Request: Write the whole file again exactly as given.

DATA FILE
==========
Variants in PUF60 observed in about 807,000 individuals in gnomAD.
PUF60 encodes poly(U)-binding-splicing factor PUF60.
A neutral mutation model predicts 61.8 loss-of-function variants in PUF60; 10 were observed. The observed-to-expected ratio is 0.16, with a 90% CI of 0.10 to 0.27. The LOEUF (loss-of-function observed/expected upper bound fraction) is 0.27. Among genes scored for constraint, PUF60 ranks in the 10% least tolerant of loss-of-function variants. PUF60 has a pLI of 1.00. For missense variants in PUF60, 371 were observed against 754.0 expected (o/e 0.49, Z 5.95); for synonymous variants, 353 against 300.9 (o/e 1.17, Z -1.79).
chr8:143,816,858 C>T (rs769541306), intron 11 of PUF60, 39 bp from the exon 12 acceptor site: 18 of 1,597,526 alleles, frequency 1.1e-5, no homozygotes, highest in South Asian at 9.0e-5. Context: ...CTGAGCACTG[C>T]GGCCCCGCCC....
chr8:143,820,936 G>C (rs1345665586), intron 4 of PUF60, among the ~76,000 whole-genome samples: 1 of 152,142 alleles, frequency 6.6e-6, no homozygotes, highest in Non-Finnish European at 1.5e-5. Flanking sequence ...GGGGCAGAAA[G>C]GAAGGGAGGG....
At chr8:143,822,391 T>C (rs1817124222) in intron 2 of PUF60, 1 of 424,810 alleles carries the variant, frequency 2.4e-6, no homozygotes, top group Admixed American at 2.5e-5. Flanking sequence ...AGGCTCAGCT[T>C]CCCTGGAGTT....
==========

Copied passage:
Variants in PUF60 observed in about 807,000 individuals in gnomAD.
PUF60 encodes poly(U)-binding-splicing factor PUF60.
A neutral mutation model predicts 61.8 loss-of-function variants in PUF60; 10 were observed. The observed-to-expected ratio is 0.16, with a 90% CI of 0.10 to 0.27. The LOEUF (loss-of-function observed/expected upper bound fraction) is 0.27. Among genes scored for constraint, PUF60 ranks in the 10% least tolerant of loss-of-function variants. PUF60 has a pLI of 1.00. For missense variants in PUF60, 371 were observed against 754.0 expected (o/e 0.49, Z 5.95); for synonymous variants, 353 against 300.9 (o/e 1.17, Z -1.79).
chr8:143,816,858 C>T (rs769541306), intron 11 of PUF60, 39 bp from the exon 12 acceptor site: 18 of 1,597,526 alleles, frequency 1.1e-5, no homozygotes, highest in South Asian at 9.0e-5. Context: ...CTGAGCACTG[C>T]GGCCCCGCCC....
chr8:143,820,936 G>C (rs1345665586), intron 4 of PUF60, among the ~76,000 whole-genome samples: 1 of 152,142 alleles, frequency 6.6e-6, no homozygotes, highest in Non-Finnish European at 1.5e-5. Flanking sequence ...GGGGCAGAAA[G>C]GAAGGGAGGG....
At chr8:143,822,391 T>C (rs1817124222) in intron 2 of PUF60, 1 of 424,810 alleles carries the variant, frequency 2.4e-6, no homozygotes, top group Admixed American at 2.5e-5. Flanking sequence ...AGGCTCAGCT[T>C]CCCTGGAGTT....